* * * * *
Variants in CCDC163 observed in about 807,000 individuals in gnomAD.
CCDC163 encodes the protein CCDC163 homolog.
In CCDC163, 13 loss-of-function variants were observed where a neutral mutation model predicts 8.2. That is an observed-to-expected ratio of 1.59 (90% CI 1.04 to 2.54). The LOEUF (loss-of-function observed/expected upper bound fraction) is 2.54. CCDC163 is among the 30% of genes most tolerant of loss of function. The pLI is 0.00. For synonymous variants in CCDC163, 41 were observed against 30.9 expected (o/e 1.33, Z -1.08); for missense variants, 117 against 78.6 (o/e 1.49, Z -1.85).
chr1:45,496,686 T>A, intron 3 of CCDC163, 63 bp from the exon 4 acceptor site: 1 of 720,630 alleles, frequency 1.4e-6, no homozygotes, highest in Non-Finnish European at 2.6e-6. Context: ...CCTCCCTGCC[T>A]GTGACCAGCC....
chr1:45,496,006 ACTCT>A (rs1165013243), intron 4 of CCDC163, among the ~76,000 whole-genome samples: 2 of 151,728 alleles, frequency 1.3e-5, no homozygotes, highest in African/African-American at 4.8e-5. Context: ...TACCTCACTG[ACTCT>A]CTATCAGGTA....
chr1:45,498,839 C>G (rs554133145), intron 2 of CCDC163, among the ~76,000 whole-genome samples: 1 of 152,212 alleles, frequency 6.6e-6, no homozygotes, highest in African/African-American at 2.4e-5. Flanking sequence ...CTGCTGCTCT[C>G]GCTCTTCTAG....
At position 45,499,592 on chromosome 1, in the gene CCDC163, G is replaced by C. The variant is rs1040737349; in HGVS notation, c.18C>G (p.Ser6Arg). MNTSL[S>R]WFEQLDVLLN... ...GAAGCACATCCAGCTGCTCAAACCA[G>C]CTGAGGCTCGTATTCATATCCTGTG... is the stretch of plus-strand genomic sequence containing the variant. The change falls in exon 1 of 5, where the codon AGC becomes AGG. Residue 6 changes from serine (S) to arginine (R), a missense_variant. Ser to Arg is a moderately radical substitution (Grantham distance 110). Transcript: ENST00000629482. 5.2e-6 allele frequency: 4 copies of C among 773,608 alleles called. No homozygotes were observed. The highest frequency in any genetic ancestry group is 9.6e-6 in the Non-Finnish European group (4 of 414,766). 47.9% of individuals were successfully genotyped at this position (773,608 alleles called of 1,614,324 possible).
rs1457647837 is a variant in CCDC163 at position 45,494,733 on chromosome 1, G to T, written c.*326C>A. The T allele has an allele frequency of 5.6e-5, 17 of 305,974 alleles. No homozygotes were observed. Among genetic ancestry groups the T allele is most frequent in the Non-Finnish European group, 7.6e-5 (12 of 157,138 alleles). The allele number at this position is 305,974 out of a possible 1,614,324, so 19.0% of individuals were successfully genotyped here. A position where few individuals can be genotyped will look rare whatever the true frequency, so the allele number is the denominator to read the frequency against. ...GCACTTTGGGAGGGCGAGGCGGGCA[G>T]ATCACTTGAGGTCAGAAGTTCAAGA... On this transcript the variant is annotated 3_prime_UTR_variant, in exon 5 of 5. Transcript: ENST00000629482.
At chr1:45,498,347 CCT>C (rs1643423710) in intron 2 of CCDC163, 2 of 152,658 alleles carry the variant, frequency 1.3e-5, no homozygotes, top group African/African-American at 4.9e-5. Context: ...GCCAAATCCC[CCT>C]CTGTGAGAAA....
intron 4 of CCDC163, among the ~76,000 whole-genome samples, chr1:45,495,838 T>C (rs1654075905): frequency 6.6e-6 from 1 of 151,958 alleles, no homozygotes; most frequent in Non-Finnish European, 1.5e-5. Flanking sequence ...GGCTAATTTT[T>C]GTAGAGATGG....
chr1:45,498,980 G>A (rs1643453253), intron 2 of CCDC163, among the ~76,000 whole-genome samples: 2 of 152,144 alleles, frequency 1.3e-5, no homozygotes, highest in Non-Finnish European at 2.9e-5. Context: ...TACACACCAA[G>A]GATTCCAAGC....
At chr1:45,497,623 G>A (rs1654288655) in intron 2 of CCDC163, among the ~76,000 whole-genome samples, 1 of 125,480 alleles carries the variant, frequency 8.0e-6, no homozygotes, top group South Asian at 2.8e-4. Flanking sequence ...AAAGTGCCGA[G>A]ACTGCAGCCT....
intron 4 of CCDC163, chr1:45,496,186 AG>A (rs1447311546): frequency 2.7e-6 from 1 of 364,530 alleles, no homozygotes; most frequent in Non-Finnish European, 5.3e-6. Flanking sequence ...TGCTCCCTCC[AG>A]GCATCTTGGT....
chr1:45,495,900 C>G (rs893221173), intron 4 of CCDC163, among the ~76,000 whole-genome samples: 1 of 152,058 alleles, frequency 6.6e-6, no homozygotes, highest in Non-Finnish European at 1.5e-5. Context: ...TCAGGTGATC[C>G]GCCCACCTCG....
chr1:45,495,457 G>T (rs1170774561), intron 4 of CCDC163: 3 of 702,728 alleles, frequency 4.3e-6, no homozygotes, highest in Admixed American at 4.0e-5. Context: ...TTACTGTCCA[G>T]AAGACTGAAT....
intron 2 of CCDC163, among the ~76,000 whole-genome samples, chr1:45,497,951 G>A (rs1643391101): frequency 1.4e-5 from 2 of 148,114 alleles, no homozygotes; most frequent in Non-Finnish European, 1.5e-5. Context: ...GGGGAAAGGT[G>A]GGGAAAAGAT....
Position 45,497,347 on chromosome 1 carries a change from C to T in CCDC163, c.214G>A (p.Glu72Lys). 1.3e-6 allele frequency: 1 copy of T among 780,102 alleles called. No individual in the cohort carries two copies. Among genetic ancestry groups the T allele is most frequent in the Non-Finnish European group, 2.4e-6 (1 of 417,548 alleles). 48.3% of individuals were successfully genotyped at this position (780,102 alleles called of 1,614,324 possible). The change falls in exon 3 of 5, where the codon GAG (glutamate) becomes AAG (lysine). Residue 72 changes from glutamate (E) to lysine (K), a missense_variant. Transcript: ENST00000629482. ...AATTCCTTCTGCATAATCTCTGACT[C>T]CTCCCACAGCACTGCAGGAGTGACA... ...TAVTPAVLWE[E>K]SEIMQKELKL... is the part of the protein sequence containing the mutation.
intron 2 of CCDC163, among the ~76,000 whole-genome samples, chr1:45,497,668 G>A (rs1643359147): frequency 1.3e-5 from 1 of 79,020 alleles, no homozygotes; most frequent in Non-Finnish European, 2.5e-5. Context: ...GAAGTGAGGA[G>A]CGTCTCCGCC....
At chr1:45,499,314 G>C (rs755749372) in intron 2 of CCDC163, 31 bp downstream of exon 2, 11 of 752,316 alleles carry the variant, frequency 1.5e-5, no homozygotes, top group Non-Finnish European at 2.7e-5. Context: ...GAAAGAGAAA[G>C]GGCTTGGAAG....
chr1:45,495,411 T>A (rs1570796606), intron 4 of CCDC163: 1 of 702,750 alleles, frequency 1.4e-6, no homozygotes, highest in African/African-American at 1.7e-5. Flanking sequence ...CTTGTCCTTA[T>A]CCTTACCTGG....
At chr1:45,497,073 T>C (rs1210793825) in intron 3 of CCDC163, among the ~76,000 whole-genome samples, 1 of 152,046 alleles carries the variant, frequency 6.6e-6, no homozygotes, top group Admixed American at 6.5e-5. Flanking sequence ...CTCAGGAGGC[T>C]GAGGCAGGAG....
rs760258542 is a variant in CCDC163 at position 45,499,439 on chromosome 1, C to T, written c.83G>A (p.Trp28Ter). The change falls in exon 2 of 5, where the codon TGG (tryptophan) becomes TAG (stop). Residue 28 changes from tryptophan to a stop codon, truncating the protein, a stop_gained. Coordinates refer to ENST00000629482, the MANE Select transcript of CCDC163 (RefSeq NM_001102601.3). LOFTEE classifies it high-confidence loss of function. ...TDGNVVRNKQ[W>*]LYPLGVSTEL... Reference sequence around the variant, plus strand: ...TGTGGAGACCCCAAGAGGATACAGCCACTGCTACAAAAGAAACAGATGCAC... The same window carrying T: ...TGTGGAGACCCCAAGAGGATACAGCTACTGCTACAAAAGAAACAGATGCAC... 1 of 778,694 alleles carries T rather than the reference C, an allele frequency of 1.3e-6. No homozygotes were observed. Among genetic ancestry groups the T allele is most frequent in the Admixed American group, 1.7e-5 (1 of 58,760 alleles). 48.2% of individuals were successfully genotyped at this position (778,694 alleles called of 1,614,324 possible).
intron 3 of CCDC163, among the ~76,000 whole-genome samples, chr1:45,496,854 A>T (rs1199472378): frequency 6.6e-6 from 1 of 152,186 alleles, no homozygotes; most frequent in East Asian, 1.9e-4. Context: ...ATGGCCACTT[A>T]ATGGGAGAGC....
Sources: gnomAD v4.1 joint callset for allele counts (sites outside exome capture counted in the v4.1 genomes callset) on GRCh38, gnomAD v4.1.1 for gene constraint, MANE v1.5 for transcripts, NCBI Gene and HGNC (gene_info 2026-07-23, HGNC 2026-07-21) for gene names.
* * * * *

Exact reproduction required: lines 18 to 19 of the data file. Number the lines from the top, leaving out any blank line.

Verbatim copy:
intron 2 of CCDC163, among the ~76,000 whole-genome samples, chr1:45,497,668 G>A (rs1643359147): frequency 1.3e-5 from 1 of 79,020 alleles, no homozygotes; most frequent in Non-Finnish European, 2.5e-5. Context: ...GAAGTGAGGA[G>A]CGTCTCCGCC....
At chr1:45,499,314 G>C (rs755749372) in intron 2 of CCDC163, 31 bp downstream of exon 2, 11 of 752,316 alleles carry the variant, frequency 1.5e-5, no homozygotes, top group Non-Finnish European at 2.7e-5. Context: ...GAAAGAGAAA[G>C]GGCTTGGAAG....